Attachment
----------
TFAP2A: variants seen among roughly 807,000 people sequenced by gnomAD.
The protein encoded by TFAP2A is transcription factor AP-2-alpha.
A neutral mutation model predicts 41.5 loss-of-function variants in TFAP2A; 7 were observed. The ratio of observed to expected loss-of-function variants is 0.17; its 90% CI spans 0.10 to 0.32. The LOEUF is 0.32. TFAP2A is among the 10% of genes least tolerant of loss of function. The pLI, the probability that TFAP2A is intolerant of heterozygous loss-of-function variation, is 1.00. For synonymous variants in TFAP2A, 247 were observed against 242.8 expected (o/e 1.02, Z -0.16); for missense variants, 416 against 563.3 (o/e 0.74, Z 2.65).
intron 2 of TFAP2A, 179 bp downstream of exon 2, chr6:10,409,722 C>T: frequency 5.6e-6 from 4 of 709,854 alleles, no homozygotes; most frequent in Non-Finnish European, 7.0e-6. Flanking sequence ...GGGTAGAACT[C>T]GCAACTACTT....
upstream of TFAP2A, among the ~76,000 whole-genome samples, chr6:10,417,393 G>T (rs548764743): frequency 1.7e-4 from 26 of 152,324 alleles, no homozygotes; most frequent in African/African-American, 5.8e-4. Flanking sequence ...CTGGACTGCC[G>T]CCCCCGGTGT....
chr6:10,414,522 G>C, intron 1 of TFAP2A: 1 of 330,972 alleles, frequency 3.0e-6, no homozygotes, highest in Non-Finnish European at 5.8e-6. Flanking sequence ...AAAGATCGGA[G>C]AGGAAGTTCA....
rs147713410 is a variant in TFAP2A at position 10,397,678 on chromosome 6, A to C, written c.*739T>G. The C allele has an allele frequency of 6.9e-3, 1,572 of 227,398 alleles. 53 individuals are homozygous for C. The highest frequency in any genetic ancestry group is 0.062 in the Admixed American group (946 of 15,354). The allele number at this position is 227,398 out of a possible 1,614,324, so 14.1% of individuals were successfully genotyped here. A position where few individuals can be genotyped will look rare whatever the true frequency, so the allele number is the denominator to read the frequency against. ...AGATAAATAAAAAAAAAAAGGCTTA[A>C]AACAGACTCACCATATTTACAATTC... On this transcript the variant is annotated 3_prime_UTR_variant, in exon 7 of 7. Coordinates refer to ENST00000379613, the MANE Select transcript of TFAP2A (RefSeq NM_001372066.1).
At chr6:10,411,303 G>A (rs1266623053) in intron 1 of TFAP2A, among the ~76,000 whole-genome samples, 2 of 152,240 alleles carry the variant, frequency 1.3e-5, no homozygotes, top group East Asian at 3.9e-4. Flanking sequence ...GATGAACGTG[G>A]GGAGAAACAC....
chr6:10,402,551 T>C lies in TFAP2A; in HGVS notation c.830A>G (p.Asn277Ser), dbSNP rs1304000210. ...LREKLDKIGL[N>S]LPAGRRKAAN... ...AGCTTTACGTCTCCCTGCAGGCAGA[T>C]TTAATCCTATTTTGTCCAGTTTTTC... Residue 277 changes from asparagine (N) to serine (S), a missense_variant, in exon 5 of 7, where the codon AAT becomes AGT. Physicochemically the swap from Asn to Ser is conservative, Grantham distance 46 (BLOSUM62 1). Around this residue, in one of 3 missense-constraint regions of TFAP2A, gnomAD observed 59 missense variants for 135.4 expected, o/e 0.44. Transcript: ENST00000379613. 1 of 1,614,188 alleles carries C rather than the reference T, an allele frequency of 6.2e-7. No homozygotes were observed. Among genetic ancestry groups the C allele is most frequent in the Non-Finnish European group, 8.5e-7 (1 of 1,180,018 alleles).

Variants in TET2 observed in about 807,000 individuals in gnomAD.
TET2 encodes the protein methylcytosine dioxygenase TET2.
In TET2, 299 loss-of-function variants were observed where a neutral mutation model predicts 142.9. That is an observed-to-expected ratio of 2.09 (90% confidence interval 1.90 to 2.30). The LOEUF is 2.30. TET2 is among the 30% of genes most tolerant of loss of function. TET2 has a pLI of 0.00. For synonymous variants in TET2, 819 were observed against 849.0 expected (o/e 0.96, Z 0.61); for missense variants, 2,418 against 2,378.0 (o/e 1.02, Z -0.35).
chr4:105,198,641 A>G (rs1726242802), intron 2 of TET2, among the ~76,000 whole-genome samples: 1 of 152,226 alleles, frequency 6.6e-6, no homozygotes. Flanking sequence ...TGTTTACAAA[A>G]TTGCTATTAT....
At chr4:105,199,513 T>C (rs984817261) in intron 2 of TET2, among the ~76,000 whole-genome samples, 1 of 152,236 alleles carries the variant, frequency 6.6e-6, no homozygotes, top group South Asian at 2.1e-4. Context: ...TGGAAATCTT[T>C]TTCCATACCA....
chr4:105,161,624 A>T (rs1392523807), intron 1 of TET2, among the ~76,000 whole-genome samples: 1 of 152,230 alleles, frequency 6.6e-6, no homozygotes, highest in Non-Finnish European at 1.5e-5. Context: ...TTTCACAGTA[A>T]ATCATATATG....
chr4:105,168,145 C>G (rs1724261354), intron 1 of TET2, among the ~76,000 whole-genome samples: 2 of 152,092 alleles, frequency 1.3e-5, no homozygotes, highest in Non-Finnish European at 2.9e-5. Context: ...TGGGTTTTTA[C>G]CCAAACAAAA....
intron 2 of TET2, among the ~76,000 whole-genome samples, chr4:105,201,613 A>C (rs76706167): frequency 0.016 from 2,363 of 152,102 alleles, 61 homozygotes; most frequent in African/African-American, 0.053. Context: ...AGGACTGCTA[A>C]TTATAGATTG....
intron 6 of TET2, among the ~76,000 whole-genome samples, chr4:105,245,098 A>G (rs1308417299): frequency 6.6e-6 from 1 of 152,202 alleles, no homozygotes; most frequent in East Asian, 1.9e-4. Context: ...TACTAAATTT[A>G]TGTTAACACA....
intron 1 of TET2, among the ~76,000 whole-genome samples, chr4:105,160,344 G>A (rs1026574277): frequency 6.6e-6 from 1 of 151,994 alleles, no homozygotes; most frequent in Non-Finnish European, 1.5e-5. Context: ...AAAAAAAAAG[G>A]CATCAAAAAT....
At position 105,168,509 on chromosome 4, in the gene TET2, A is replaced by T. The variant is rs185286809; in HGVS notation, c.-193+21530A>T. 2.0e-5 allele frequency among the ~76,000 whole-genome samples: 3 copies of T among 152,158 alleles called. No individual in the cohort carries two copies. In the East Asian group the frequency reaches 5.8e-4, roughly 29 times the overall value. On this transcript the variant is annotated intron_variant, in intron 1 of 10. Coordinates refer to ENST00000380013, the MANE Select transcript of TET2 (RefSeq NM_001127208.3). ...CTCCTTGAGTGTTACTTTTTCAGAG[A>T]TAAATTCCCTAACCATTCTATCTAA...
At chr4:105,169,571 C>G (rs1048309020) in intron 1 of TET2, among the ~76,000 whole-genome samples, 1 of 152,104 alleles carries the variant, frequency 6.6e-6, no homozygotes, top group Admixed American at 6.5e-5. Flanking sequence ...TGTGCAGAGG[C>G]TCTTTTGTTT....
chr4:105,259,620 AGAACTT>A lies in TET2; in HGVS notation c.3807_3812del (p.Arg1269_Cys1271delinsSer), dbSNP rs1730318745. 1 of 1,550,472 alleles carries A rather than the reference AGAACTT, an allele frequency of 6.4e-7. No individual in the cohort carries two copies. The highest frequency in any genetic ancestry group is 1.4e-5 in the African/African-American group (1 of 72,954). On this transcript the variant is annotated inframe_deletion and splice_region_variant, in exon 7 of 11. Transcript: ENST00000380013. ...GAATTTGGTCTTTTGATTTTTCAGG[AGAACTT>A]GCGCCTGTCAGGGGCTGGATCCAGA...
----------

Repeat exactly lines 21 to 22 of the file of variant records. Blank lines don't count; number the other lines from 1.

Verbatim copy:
At chr4:105,169,571 C>G (rs1048309020) in intron 1 of TET2, among the ~76,000 whole-genome samples, 1 of 152,104 alleles carries the variant, frequency 6.6e-6, no homozygotes, top group Admixed American at 6.5e-5. Flanking sequence ...TGTGCAGAGG[C>G]TCTTTTGTTT....
chr4:105,259,620 AGAACTT>A lies in TET2; in HGVS notation c.3807_3812del (p.Arg1269_Cys1271delinsSer), dbSNP rs1730318745. 1 of 1,550,472 alleles carries A rather than the reference AGAACTT, an allele frequency of 6.4e-7. No individual in the cohort carries two copies. The highest frequency in any genetic ancestry group is 1.4e-5 in the African/African-American group (1 of 72,954). On this transcript the variant is annotated inframe_deletion and splice_region_variant, in exon 7 of 11. Transcript: ENST00000380013. ...GAATTTGGTCTTTTGATTTTTCAGG[AGAACTT>A]GCGCCTGTCAGGGGCTGGATCCAGA...